The purpose of this paper was to measure the change in competitive balance for women's basketball as a conference merges and changes its membership. Specifically, we surveyed the changes in competitive balance as the Gateway Collegiate Athletic Conference was merged into the Missouri Valley Conference (MVC). While competitive balance may not have been the primary reason for the merger, it tended to increase fan interest and was, therefore, considered desirable by member institutions. Three measures of competitive balance were used, producing mixed results. However, there was arguably a more competitive balance after the merger, because there tended to be more predictably perennial winners and losers in the Gateway than the MVC.
In competitive sports, it is considered mandatory that the outcome of any game or match needs to contain some degree of uncertainty. If this were not so, it is believed fans would lose interest (Depken & Wilson, 2005; El Hodiri & Quirk, 1971; Kesenne, 2006; Quirk & Fort, 1992; Sanderson & Siegfried, 2003), and, thus, there would be significantly lower attendance, empty arenas and stadiums, and, consequently, lower revenues. Stated somewhat differently, it is of vital importance that for any sports league or conference there must be some degree of competitive balance among the various teams.
At the college level, measures such as scholarship limits and prohibitions against extra benefits offered to student athletes have attempted to promote competitive balance (Rhoads, 2004). These regulations are commonly enforced by a national governing body (e.g., National Collegiate Athletic Association, National Association of Intercollegiate Athletics). However, college athletic conferences also play roles in promoting competitive balance. Indeed, Rhoads (2004) has argued that conference realignments are at least partially driven by competitive disparity among institutions.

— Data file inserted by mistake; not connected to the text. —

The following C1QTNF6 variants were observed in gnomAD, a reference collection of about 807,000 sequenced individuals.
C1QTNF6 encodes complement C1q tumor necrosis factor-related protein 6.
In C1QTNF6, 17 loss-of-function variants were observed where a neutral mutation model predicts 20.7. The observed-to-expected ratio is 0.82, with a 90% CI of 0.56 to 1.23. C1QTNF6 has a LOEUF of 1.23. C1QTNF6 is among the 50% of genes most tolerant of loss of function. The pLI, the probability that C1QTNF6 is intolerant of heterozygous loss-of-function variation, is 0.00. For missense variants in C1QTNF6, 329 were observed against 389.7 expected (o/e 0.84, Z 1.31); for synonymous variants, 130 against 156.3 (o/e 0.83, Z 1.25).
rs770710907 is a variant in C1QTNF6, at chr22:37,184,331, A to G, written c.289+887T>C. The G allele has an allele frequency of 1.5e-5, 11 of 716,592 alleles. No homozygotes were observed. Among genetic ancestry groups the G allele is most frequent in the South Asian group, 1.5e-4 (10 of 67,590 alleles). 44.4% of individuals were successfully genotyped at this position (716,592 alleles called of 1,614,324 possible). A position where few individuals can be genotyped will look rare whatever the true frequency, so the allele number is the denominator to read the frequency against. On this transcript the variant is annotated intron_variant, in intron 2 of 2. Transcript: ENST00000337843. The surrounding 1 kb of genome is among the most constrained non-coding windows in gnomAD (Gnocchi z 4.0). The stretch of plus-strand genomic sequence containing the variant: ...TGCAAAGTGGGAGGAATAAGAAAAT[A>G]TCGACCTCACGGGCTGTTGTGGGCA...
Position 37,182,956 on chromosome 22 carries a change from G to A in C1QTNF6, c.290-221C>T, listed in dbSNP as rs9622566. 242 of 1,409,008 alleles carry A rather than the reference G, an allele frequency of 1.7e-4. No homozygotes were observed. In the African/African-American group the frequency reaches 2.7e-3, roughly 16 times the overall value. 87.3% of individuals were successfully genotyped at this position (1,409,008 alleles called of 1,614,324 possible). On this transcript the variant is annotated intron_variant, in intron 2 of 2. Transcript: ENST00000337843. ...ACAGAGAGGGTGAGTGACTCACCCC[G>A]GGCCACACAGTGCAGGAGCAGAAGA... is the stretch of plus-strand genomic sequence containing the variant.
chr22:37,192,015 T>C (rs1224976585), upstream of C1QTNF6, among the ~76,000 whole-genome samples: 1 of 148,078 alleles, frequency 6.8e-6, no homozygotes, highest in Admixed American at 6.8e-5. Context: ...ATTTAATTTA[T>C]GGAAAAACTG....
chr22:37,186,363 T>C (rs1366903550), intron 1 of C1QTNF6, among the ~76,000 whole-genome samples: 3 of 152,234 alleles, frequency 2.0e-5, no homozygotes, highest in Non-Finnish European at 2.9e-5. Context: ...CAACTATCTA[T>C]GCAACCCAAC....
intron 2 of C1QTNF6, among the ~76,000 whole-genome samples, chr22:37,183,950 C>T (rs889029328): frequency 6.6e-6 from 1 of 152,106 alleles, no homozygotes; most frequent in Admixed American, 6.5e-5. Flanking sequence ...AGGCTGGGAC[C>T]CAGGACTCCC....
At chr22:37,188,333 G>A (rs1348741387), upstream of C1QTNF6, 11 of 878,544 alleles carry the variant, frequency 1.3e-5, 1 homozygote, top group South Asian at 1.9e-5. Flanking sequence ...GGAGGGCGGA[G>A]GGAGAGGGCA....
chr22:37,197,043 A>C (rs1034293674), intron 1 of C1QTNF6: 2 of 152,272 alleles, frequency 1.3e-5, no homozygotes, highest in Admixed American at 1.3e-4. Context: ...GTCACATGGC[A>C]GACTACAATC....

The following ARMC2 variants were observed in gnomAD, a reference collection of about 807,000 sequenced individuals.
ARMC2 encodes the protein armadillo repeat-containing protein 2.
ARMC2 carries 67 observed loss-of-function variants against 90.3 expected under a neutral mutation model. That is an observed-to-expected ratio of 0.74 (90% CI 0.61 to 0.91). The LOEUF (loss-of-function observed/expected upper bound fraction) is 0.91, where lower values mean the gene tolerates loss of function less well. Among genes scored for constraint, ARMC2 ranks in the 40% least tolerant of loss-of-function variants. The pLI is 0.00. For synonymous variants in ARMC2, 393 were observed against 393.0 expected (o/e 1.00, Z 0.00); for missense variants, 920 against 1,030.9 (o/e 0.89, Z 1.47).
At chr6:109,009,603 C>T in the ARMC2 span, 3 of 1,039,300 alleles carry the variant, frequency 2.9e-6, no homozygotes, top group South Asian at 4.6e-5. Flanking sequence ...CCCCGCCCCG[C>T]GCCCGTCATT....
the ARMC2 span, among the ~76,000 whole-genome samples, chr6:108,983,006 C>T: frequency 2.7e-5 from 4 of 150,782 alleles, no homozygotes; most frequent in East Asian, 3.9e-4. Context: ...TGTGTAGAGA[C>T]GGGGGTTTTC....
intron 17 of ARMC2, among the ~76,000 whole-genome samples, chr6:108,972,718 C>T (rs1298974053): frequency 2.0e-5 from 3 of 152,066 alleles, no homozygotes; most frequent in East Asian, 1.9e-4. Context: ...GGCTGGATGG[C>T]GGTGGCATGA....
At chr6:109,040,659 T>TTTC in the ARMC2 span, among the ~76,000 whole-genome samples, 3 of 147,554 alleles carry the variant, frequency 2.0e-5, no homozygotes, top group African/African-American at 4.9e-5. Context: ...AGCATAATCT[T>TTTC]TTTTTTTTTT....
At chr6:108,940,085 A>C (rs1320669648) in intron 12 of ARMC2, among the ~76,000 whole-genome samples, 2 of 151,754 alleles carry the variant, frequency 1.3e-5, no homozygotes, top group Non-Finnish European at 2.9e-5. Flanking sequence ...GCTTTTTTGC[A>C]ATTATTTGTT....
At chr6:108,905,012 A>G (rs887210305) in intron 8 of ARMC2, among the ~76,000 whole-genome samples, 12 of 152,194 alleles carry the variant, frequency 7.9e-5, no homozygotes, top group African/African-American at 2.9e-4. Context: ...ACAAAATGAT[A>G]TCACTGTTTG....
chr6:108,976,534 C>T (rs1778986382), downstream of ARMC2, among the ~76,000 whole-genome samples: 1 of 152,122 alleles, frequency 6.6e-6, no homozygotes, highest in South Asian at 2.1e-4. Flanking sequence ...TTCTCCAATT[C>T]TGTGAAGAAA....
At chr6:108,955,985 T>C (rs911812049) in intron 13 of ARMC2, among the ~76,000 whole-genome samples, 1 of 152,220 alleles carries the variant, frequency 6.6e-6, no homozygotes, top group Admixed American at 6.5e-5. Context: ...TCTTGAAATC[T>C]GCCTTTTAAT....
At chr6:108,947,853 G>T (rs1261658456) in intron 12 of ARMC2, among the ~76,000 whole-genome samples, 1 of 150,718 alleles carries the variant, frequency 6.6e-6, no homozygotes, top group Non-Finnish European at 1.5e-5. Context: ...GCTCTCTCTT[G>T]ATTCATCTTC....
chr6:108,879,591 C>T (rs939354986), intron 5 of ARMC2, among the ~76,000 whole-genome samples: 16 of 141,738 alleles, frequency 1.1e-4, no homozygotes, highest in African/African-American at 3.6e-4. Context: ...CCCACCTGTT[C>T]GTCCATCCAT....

The purpose of this paper was an attempt to measure the change in competitive balance as a conference merges and changes its membership. To shed light on this question, we surveyed the changes in competitive balance as the Gateway Collegiate Athletic Conference was merged into the Missouri Valley Conference (MVC). In this instance, a women's athletic conference was merged into a men's conference; some institutions were dropped and others added as the merger was completed.
In pursuing our goal, we measured competitive balance in women's basketball before and after the merger. More specifically, we measured the results from the 9 years the Gateway was in existence (1983-84 and 1991-92) and measured the first 9 years the MVC had a constant membership (1994-95 and 2002-03). Basketball is arguably the premier women's sport at many colleges; it was a particularly important consideration in the Gateway-MVC merger, as the Gateway's women's basketball championships had unprecedented success at the time of the change (Gateway Presidents Council, 1992).
The Gateway was established in 1982 as a women's sports-only league (Missouri Valley Conference, 2007a). The members of the Gateway were Bradley University (BU), Drake University (DU), Eastern Illinois University (EIU), Illinois State University (ILSU), Indiana State University (INSU), Southern Illinois University (SIU), Southwest Missouri State University (SMSU) now known as Missouri State University (MSU), the University of Northern Iowa (UNI), Western Illinois University (WIU), and Wichita State University (WSU). The conference sponsored championship competition in 10 sports, including basketball.
The Gateway ceased operations of its women's sports programs in July 1992, when its membership realigned with two other conferences (Gateway Presidents Council, 1991; Richardson, 2006). At that time, EIU and WIU shifted to the Mid-Continent Conference. The other Gateway members moved to the MVC, where they joined Creighton University (CU), Tulsa University, and the University of Evansville (UE). …